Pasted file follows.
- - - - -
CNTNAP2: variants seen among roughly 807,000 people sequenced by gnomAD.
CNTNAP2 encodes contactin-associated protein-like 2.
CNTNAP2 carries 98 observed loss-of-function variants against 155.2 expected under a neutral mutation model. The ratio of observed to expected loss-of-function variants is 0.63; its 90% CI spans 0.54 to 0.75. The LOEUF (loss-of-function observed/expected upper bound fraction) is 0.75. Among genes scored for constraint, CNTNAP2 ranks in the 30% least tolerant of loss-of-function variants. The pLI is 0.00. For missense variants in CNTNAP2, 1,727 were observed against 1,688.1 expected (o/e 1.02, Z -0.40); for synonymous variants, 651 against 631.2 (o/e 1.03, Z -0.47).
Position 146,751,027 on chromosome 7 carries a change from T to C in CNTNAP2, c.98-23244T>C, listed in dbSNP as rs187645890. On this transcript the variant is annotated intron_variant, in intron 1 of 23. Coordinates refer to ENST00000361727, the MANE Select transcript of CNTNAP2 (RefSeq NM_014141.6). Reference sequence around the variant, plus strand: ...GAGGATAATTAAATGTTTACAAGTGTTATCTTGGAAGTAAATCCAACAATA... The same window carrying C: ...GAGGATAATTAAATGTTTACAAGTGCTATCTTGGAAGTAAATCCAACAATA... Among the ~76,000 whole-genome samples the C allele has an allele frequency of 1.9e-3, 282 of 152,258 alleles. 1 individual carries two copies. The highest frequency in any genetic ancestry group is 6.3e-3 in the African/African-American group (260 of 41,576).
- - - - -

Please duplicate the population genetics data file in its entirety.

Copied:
CNTNAP2: variants seen among roughly 807,000 people sequenced by gnomAD.
CNTNAP2 encodes contactin-associated protein-like 2.
CNTNAP2 carries 98 observed loss-of-function variants against 155.2 expected under a neutral mutation model. The ratio of observed to expected loss-of-function variants is 0.63; its 90% CI spans 0.54 to 0.75. The LOEUF (loss-of-function observed/expected upper bound fraction) is 0.75. Among genes scored for constraint, CNTNAP2 ranks in the 30% least tolerant of loss-of-function variants. The pLI is 0.00. For missense variants in CNTNAP2, 1,727 were observed against 1,688.1 expected (o/e 1.02, Z -0.40); for synonymous variants, 651 against 631.2 (o/e 1.03, Z -0.47).
Position 146,751,027 on chromosome 7 carries a change from T to C in CNTNAP2, c.98-23244T>C, listed in dbSNP as rs187645890. On this transcript the variant is annotated intron_variant, in intron 1 of 23. Coordinates refer to ENST00000361727, the MANE Select transcript of CNTNAP2 (RefSeq NM_014141.6). Reference sequence around the variant, plus strand: ...GAGGATAATTAAATGTTTACAAGTGTTATCTTGGAAGTAAATCCAACAATA... The same window carrying C: ...GAGGATAATTAAATGTTTACAAGTGCTATCTTGGAAGTAAATCCAACAATA... Among the ~76,000 whole-genome samples the C allele has an allele frequency of 1.9e-3, 282 of 152,258 alleles. 1 individual carries two copies. The highest frequency in any genetic ancestry group is 6.3e-3 in the African/African-American group (260 of 41,576).